A few weeks ago, Washington Wizards basketball player Jason Collins announced that he is gay. This was an event of such apparent import that he received a congratulatory phone call from the leader of the Democrat Party, President Barack Obama, and an official tweet from first lady Michelle. Both expressed their pride and joy about Collins' courageous coming out.
The plight of Carolyn Moos, the woman with whom Collins was living for eight years and to whom he once was engaged, was apparently of no interest to the Obamas, despite the president's supposed great concern for women's affairs, nor was the deceptive life that Collins lived with her.
Moos, 34, expressed distress at eight wasted prime years with Collins. She said that she never had a hint that Collins was gay and living a double life, and that she actually believed marriage and children were in the cards for them.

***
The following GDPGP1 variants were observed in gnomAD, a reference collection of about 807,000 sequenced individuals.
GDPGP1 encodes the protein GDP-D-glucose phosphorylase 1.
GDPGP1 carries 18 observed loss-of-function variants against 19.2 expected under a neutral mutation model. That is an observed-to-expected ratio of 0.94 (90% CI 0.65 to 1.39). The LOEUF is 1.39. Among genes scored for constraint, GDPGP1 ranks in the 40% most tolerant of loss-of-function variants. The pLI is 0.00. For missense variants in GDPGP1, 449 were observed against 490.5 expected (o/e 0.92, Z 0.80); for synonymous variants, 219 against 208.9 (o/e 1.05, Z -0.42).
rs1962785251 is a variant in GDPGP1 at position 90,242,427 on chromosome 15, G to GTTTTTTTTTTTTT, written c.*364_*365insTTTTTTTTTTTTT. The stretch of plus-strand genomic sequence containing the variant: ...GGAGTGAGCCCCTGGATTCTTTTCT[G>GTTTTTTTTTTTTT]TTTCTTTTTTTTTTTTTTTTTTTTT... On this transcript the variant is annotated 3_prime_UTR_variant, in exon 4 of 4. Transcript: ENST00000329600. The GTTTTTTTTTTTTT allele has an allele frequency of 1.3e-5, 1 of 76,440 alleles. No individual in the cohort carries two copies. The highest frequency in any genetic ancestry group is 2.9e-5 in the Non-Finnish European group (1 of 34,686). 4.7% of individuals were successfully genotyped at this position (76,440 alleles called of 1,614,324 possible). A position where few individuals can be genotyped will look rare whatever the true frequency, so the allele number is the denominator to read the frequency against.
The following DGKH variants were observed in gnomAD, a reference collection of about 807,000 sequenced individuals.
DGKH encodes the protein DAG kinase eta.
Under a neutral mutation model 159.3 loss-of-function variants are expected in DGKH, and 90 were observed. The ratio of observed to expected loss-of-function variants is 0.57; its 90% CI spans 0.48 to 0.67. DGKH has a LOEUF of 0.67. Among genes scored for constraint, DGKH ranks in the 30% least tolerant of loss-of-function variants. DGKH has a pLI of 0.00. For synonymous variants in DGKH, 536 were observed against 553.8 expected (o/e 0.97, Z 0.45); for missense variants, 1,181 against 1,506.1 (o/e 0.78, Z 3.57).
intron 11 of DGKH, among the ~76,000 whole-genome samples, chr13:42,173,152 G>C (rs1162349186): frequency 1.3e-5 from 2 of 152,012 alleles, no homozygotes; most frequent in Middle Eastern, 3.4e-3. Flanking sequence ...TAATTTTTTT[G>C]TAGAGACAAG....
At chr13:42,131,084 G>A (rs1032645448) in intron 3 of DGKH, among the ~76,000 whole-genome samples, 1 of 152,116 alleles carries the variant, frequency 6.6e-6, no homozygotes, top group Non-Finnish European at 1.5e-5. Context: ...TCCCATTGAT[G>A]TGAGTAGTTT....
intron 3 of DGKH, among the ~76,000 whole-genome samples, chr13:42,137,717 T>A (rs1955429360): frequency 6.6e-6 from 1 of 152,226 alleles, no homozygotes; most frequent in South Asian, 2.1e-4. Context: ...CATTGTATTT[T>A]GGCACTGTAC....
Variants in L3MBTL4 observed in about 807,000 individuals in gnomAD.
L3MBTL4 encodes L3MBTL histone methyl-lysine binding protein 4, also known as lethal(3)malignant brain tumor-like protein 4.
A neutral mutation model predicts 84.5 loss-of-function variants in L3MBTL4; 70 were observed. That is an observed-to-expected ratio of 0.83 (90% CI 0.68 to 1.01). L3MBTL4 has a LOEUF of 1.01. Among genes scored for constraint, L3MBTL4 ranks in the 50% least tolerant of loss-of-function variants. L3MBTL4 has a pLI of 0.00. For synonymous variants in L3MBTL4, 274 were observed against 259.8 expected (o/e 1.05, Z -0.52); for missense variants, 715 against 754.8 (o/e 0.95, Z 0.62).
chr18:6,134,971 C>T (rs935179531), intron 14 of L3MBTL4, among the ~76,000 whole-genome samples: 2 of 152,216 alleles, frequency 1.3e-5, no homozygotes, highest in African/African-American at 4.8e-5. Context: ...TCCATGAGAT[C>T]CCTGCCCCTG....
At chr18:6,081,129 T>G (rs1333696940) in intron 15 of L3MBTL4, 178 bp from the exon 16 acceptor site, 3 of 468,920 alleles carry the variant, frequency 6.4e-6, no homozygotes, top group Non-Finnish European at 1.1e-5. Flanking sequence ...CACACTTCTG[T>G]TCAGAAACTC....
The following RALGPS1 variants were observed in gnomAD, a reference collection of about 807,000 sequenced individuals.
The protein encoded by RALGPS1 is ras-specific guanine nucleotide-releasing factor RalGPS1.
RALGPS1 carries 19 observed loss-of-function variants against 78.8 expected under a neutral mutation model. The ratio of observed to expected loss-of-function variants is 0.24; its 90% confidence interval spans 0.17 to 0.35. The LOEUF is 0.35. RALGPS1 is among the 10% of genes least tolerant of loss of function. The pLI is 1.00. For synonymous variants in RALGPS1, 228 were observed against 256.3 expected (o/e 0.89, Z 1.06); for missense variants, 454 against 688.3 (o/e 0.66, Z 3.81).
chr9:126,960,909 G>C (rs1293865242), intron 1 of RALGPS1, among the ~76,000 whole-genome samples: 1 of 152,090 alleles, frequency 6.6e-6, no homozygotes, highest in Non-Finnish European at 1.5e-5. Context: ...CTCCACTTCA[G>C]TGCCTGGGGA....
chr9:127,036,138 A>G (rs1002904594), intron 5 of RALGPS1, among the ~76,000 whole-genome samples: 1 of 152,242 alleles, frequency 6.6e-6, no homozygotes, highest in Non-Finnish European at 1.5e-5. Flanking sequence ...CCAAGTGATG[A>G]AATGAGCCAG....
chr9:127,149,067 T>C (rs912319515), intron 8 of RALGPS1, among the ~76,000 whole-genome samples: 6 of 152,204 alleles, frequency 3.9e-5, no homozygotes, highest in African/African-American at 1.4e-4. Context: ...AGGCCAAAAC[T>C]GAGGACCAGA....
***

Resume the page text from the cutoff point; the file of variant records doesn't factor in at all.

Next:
Perhaps if Sanford's adultery was a gay affair, liberals would be more understanding.
When the National Republican Congressional Committee pulled its support from Sanford's race following the news that he trespassed in the home of his former wife (to watch the Super Bowl with his son), support came in from both FreedomWorks PAC and the National Right to Life PAC.
Sanford's persona pulled in two streams of conservatives -- the economic conservatives and the social conservatives -- that many see at odds with each other.
A seasoned, principled and exciting conservative politician and leader is exactly what Republicans need today.
Welcome back to Washington, Mark Sanford.